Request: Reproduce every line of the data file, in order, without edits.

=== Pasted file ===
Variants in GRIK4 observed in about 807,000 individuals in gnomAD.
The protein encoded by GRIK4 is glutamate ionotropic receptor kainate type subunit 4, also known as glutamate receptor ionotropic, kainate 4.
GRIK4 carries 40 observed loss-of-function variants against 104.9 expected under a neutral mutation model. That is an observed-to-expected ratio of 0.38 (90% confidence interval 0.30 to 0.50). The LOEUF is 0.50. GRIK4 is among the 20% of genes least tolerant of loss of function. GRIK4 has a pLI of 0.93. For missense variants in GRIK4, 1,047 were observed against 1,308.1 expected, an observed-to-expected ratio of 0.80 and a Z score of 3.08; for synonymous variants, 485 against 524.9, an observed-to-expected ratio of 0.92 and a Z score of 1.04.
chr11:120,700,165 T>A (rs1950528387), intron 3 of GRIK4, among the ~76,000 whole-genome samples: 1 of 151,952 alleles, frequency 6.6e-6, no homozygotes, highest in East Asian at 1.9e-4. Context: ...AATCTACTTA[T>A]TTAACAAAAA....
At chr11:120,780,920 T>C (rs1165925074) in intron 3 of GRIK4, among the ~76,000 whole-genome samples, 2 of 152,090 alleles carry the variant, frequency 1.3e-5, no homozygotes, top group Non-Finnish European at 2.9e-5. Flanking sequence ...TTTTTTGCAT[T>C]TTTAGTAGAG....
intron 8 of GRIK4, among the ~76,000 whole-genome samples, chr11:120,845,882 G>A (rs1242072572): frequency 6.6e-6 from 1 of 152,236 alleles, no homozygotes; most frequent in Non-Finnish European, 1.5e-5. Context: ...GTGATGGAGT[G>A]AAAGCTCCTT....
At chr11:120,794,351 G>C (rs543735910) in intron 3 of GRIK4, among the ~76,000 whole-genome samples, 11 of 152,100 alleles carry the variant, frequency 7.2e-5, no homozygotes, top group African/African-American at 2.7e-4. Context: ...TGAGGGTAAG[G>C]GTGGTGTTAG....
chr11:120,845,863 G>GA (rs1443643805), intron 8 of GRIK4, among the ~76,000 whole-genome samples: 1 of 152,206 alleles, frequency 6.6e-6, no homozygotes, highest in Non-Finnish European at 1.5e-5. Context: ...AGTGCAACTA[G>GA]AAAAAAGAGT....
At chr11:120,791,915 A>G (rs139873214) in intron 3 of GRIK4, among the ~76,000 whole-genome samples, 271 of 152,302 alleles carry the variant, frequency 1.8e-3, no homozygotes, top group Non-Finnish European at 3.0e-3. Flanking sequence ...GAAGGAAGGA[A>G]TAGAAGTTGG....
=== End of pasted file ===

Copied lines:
Variants in GRIK4 observed in about 807,000 individuals in gnomAD.
The protein encoded by GRIK4 is glutamate ionotropic receptor kainate type subunit 4, also known as glutamate receptor ionotropic, kainate 4.
GRIK4 carries 40 observed loss-of-function variants against 104.9 expected under a neutral mutation model. That is an observed-to-expected ratio of 0.38 (90% confidence interval 0.30 to 0.50). The LOEUF is 0.50. GRIK4 is among the 20% of genes least tolerant of loss of function. GRIK4 has a pLI of 0.93. For missense variants in GRIK4, 1,047 were observed against 1,308.1 expected, an observed-to-expected ratio of 0.80 and a Z score of 3.08; for synonymous variants, 485 against 524.9, an observed-to-expected ratio of 0.92 and a Z score of 1.04.
chr11:120,700,165 T>A (rs1950528387), intron 3 of GRIK4, among the ~76,000 whole-genome samples: 1 of 151,952 alleles, frequency 6.6e-6, no homozygotes, highest in East Asian at 1.9e-4. Context: ...AATCTACTTA[T>A]TTAACAAAAA....
At chr11:120,780,920 T>C (rs1165925074) in intron 3 of GRIK4, among the ~76,000 whole-genome samples, 2 of 152,090 alleles carry the variant, frequency 1.3e-5, no homozygotes, top group Non-Finnish European at 2.9e-5. Flanking sequence ...TTTTTTGCAT[T>C]TTTAGTAGAG....
intron 8 of GRIK4, among the ~76,000 whole-genome samples, chr11:120,845,882 G>A (rs1242072572): frequency 6.6e-6 from 1 of 152,236 alleles, no homozygotes; most frequent in Non-Finnish European, 1.5e-5. Context: ...GTGATGGAGT[G>A]AAAGCTCCTT....
At chr11:120,794,351 G>C (rs543735910) in intron 3 of GRIK4, among the ~76,000 whole-genome samples, 11 of 152,100 alleles carry the variant, frequency 7.2e-5, no homozygotes, top group African/African-American at 2.7e-4. Context: ...TGAGGGTAAG[G>C]GTGGTGTTAG....
chr11:120,845,863 G>GA (rs1443643805), intron 8 of GRIK4, among the ~76,000 whole-genome samples: 1 of 152,206 alleles, frequency 6.6e-6, no homozygotes, highest in Non-Finnish European at 1.5e-5. Context: ...AGTGCAACTA[G>GA]AAAAAAGAGT....
At chr11:120,791,915 A>G (rs139873214) in intron 3 of GRIK4, among the ~76,000 whole-genome samples, 271 of 152,302 alleles carry the variant, frequency 1.8e-3, no homozygotes, top group Non-Finnish European at 3.0e-3. Flanking sequence ...GAAGGAAGGA[A>G]TAGAAGTTGG....